The cognitive coherence of sociolects: How do speakers handle multiple sociolinguistic variables?

Gregory R. Guy

    Research output: Contribution to journalArticlepeer-review


    Sociolinguistic variables have social evaluations and are used at different rates by different speakers. Variants become indexical of social traits and social identities, and are taken as defining 'sociolects' associated with identifiable groups: e.g., 'working class speech', 'African-American English'. But since every speech community has many sociolinguistic variables, do the multiple variables cohere in forming sociolects? Thus if each variable has a variant considered 'working class', do working class speakers use all such variants simultaneously? Lectal coherence would imply that variables are correlated; if they are not, the cognitive and social reality of the 'sociolect' is problematic.This paper investigates intercorrelations among two phonological and two syntactic sociolinguistic variables in 20 speakers of Brazilian Portuguese. The results show considerable cross-variable correlation, but much of it may be explained by structural or grammatical coherence. There is some evidence of socially-motivated coherence, involving gender as well as status differentiation. Female speakers show stronger correlation among variables than males, while non-standard phonology seems to be indexical of male identity. The conclusion is that some sociolectal cohesion does exist, but it may be weaker and more multidimensional, than is commonly assumed. Future work on lects should problematize their coherence.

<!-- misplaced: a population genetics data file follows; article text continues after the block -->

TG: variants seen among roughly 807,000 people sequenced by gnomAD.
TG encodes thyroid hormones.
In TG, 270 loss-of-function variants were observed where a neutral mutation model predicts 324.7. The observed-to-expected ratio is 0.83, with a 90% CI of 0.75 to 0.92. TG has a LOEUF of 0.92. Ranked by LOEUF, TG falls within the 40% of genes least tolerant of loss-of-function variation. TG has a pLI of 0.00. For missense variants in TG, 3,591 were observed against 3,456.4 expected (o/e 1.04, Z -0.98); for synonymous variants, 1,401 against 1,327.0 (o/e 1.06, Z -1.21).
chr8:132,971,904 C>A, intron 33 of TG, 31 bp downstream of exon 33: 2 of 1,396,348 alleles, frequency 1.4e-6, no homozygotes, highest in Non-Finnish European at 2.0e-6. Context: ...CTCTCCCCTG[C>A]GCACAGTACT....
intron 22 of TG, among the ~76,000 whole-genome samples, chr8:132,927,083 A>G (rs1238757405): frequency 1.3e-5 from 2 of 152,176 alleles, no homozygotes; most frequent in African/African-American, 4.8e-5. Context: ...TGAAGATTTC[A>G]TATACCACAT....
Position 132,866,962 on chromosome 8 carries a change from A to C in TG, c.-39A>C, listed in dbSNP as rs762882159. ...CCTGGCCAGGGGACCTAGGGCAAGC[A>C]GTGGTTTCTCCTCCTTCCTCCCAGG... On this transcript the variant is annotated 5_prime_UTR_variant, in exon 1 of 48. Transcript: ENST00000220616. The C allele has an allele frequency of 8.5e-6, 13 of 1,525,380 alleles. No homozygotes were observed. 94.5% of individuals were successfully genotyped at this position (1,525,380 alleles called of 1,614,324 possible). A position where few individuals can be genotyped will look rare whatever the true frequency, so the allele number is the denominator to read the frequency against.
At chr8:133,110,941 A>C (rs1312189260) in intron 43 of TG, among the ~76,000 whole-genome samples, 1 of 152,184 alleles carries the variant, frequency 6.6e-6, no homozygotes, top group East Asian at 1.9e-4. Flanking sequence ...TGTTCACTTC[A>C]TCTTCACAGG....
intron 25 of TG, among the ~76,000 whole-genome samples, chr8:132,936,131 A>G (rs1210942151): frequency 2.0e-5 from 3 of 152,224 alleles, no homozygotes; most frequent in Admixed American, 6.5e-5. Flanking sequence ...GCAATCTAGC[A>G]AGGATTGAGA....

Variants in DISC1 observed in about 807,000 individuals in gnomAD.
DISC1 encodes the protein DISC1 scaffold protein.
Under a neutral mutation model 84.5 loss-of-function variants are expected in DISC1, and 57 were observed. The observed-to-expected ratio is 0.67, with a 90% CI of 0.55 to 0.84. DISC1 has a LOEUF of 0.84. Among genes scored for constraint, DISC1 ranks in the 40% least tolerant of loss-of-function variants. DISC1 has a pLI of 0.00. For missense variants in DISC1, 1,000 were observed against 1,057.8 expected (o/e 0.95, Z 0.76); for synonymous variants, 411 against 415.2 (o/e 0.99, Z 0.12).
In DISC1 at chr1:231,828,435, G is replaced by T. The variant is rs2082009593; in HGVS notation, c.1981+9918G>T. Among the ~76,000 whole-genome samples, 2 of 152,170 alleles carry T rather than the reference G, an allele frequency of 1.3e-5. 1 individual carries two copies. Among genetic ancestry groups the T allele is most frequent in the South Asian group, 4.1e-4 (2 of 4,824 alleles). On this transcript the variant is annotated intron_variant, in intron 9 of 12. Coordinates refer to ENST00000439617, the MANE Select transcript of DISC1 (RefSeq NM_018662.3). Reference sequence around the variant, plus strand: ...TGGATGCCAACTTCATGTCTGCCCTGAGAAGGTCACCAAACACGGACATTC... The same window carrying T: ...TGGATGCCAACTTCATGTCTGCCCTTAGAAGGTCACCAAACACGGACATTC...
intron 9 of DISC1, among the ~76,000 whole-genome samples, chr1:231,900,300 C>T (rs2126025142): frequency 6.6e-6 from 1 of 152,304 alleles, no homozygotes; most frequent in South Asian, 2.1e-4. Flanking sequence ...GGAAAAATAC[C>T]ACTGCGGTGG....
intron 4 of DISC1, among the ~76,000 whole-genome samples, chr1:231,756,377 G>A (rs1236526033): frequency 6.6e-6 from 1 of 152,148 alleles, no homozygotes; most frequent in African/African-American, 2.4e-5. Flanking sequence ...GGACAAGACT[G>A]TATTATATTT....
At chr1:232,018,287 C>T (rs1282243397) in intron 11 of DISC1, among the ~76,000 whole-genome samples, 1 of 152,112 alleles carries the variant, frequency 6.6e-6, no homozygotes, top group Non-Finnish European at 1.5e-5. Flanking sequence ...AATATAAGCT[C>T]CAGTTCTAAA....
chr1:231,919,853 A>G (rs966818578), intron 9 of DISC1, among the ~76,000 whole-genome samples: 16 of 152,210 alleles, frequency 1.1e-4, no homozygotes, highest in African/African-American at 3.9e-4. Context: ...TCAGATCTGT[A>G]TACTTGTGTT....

Original languageEnglish (US)
    Pages (from-to)63-71
    Number of pages9
    JournalJournal of Pragmatics
    StatePublished - Jun 2013


    • Lectal coherence
    • Lectal variation
    • Meaning of variation
    • Social stratification
    • Sociolects

    ASJC Scopus subject areas

    • Language and Linguistics
    • Linguistics and Language
    • Artificial Intelligence


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